Sam Michel, a spokesperson for the U.S. trade representative, said that the Biden administration had “been fully committed to these negotiations over the last two years and we are hopeful both sides can reach an agreement that demonstrates the close partnership between the United States and the European Union.”
People close to the talks say the outcome has been particularly disappointing given the close alignment and warm relations between Mr. Biden and Ms. von der Leyen, and Ms. Tai and her counterpart, Valdis Dombrovskis, the European commissioner for trade.
Ms. Tai and Mr. Dombrovskis committed earlier this year to meeting every month. Mr. Dombrovskis, the former prime minister of Latvia, hosted Ms. Tai at a seaside dinner in the Latvian capital in June, and she brought him to the White House on July 4 to watch fireworks from the lawn.
U.S. officials initially thought those meetings might mark a turning point for the negotiations. In a trip to Brussels in July, Ms. Tai told her counterparts that time was running out and that they needed to get something done.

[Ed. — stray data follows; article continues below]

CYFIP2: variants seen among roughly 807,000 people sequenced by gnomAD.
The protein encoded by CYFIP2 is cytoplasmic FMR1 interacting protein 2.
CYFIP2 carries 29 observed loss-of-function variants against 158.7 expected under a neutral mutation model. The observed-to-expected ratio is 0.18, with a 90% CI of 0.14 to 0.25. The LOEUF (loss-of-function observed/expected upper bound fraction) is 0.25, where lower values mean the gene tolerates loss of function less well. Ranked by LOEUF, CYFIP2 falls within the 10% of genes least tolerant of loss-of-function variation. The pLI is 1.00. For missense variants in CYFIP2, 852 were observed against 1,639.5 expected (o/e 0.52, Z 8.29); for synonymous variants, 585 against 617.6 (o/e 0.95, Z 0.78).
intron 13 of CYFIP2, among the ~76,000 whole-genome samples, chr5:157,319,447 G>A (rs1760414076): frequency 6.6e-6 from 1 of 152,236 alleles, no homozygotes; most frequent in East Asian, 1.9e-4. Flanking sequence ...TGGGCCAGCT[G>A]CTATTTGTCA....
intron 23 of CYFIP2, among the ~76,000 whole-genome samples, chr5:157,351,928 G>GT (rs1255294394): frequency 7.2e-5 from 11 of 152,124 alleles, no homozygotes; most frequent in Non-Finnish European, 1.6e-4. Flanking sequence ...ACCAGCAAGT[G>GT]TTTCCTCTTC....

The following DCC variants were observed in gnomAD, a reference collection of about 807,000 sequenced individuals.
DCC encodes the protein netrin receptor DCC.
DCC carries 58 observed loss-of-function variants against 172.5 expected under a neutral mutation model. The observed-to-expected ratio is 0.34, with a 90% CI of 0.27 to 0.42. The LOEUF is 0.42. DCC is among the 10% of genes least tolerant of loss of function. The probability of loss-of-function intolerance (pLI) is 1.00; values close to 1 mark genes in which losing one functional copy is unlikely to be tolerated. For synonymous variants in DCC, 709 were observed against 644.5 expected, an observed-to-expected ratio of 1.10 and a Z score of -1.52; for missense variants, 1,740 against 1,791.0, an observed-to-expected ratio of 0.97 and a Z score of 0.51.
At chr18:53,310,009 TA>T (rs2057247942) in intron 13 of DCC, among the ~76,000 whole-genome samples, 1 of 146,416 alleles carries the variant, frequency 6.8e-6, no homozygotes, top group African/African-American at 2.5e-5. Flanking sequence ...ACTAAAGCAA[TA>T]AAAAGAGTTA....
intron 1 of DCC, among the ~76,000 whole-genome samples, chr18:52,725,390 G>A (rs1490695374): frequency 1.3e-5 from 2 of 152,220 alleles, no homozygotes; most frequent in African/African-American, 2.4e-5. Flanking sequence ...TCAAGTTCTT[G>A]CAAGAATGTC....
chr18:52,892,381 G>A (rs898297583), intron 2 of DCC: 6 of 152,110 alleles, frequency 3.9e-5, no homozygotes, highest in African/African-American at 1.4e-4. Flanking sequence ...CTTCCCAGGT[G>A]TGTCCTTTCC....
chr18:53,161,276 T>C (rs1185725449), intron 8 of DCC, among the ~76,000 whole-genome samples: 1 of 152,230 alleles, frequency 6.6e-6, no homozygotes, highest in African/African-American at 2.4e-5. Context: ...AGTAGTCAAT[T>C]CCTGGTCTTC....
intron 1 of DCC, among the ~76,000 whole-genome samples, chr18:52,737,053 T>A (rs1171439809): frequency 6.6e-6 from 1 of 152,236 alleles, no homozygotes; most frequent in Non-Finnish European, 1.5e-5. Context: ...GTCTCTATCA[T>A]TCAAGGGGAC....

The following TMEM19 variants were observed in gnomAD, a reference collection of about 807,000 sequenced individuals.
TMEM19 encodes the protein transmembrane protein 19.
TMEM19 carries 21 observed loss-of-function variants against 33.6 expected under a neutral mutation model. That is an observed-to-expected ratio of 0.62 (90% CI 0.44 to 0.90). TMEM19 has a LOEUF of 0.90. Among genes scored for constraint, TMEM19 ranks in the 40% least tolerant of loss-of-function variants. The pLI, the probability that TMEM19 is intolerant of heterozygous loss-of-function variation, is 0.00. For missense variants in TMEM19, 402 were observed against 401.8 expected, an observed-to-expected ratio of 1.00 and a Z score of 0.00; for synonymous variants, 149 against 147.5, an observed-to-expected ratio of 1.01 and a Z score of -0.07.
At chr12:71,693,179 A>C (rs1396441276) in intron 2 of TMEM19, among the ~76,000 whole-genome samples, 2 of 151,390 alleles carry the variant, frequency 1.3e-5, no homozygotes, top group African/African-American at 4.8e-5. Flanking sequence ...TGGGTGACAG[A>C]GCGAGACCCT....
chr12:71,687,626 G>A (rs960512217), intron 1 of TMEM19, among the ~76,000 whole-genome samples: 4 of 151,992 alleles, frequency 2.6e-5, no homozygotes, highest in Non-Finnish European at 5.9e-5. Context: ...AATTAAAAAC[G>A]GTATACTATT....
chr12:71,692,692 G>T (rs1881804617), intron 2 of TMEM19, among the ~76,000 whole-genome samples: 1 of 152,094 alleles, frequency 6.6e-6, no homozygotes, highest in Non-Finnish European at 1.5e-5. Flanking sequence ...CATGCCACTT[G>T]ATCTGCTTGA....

But that top-level commitment did not fuel momentum at lower levels of the bureaucracy, and progress fizzled as European negotiators left for summer holidays.
The pace of talks has accelerated over the past month, but for a much more limited agreement.
Jennifer Harris, a former senior director for international economics at the National Security Council who played a key role in starting negotiations, expressed optimism that progress could be made in the final days and weeks of the negotiations, especially given the upcoming meeting between Mr. Biden and Ms. von der Leyen.
The talks now need “the kind of swift injection of tailwind that only leaders can provide,” she said. “I don’t think either leader is going to let this thing fail.”